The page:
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  5. "March is a month of the year…

"March is a month of the year."

Translation:Mars är en månad på året.

January 22, 2015



I'm still trying to get a handle on when to use på/av/etc. Any tips or general rules?

January 22, 2015


Mars är årets månad?

November 26, 2016


That's a valid sentence, but it means "March is the month of the year."

November 28, 2016


I need help here: why can it not be "av" this time? is there another translation than just to memorize it?

June 23, 2018


Swedish generally doesn't have the "of" construction for possession, save for in set phrases. So it's really the other way around - you want to never use it as a guideline, and learn the exceptions by heart. :)

In this case, you could also say Mars är en av årets månader. This corresponds to "March is one of the months of the year", so it's probably not accepted, but it shows the difference - the av isn't used for possession here, but for a part of a whole.

June 23, 2018


why not mars är en årets månad ?

August 28, 2018


It reads like its English counterpart: "March is a the year's month"

August 28, 2018


sorry I am not English native and for me it sounds ok. In French we say "mars est un mois de l'année" for both translations.

August 28, 2018


Ah, I see. As you know, English can express possession in two ways:

  • x of y
  • y's x

But with the second option, y's x, this turns the x into a definite. This has two consequences for the suggestion of "March is a the year's month":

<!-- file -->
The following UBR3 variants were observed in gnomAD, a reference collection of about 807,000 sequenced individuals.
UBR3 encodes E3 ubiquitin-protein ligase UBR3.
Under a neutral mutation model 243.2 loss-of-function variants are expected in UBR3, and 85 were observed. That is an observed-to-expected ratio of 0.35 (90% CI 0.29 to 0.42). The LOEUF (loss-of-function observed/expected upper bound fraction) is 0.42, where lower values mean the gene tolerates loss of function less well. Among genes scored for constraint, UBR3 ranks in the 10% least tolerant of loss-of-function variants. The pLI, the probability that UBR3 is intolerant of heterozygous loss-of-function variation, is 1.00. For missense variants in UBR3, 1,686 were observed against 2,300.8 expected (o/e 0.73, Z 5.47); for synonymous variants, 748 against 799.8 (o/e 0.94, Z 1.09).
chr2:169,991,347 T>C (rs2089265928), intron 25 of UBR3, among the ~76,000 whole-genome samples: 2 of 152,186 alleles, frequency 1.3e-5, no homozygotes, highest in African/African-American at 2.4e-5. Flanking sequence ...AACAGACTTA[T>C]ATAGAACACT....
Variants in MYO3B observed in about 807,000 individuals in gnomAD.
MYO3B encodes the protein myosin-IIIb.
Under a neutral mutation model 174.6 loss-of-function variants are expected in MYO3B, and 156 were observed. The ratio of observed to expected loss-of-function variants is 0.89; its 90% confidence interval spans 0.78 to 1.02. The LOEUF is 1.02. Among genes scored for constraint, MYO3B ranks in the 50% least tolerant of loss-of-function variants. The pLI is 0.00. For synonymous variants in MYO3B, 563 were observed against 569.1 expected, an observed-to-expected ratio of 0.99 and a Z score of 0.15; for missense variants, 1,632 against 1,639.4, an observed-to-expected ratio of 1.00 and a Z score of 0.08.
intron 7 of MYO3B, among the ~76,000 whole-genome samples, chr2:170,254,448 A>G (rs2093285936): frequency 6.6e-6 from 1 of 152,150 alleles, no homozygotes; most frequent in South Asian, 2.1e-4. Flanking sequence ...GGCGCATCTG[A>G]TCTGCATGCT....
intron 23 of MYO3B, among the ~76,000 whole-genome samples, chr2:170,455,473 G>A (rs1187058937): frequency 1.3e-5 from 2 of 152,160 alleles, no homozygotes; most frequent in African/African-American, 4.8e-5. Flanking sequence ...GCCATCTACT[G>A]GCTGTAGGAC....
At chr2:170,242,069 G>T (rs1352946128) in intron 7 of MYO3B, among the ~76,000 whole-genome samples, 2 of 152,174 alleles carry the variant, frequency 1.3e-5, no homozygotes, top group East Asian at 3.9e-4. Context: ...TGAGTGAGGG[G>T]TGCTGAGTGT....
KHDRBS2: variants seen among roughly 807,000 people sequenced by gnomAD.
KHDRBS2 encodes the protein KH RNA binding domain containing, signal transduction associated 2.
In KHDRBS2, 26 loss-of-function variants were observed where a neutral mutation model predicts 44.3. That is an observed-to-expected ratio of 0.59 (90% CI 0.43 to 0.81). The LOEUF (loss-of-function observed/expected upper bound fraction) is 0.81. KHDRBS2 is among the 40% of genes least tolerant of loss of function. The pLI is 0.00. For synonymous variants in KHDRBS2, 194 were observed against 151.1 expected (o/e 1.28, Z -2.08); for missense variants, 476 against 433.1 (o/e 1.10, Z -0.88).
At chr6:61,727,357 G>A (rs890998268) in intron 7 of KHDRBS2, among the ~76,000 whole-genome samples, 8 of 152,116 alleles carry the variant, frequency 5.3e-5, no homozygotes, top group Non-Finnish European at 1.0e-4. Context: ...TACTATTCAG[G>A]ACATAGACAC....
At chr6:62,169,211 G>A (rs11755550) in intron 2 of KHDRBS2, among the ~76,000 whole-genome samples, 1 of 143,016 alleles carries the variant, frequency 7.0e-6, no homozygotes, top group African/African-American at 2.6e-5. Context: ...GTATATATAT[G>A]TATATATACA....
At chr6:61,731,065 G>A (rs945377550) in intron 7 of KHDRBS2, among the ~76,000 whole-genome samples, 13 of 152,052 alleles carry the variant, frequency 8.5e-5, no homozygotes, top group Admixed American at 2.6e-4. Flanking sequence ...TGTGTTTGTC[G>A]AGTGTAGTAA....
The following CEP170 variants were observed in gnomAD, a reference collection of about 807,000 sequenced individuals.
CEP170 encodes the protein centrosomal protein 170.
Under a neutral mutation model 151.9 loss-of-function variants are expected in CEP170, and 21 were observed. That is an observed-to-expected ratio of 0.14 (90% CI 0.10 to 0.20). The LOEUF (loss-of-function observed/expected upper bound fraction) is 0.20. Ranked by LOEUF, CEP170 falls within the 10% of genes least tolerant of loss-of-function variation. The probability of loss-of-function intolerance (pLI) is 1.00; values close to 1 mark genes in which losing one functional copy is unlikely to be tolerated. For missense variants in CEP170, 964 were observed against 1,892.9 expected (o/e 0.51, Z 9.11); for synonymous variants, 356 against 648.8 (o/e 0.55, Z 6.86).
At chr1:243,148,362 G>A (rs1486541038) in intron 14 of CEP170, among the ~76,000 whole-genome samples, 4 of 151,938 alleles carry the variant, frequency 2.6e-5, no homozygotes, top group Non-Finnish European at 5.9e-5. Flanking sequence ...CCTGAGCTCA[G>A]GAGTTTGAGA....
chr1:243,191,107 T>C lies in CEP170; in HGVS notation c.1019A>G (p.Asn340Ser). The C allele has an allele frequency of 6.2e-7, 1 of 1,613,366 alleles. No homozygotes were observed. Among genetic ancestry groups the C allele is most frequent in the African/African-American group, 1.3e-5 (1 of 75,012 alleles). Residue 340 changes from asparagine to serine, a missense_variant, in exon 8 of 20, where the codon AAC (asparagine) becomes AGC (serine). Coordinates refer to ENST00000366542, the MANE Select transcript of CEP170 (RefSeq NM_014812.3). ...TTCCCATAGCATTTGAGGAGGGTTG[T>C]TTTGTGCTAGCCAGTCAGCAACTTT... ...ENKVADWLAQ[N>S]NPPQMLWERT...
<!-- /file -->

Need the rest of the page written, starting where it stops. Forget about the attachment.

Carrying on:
1. Since it's now in the definite, it turns the French into mars est le mois de l'année.
  2. The "a" is incorrect because the month is definite. So that turns the French into mars est un le mois de l'année.

So what we can do in English is to use the same construction as French: "March is a month of the year" - mars est un mois de l'année.

But Swedish doesn't have this possessive construction - x of y. With some exceptions, we only use y's x. Hence, mars är en månad av året is not grammatical in Swedish. However, as I showed above, that doesn't work because it's in the definite - so we have a problem!

There are two ways to solve this in Swedish:

  1. Use another expression - the idiomatic one is mars är en månad på året. This is not a general phrasing, but an idiomatic one for this scenario.
  2. Use mars är en av årets månader instead. This works exactly like its direct English counterpart: "March is one of the year's months" - or, more idiomatically: "March is one of the months of the year". Or in what I'm not entirely sure is correct French: mars est l'un des mois de l'année. :)

I hope that helps explain it a bit better!

August 28, 2018


@devalanteriel your explanation is very useful and your French really good even in those subtleties.

August 28, 2018


Why does "day of the week" translate with "i" but "month of the year" translate with "på"?

February 6, 2019


Good question. To be honest, I have no idea. It's just idiomatics - and the root reason may no longer be relevant to modern language.

February 7, 2019


We learned 'av' as 'of' in the sense of 'one of them'. So why is it incorrect when it is about one of the months?

January 30, 2015


Translating prepositions is no 1:1 affair, their use varies a lot between languages.

October 27, 2015


When are you supposed to use "finns" as opposed to "är"?

September 27, 2015


We Swedes usually use the verb "finns" to describe where something exists or is located. For example; Kaffet finns i skåpet, The coffee is in the cabinet

Both "är" and "finns" basically means "is". Example; The coffee beans are brown, Kaffebönorna är bruna. The coffee is cold, Kaffet är kallt.

You can read more here; http://en.bab.la/dictionary/swedish-english/finns http://en.bab.la/dictionary/swedish-english/är

Hopefully it's of some use to you.

October 27, 2015
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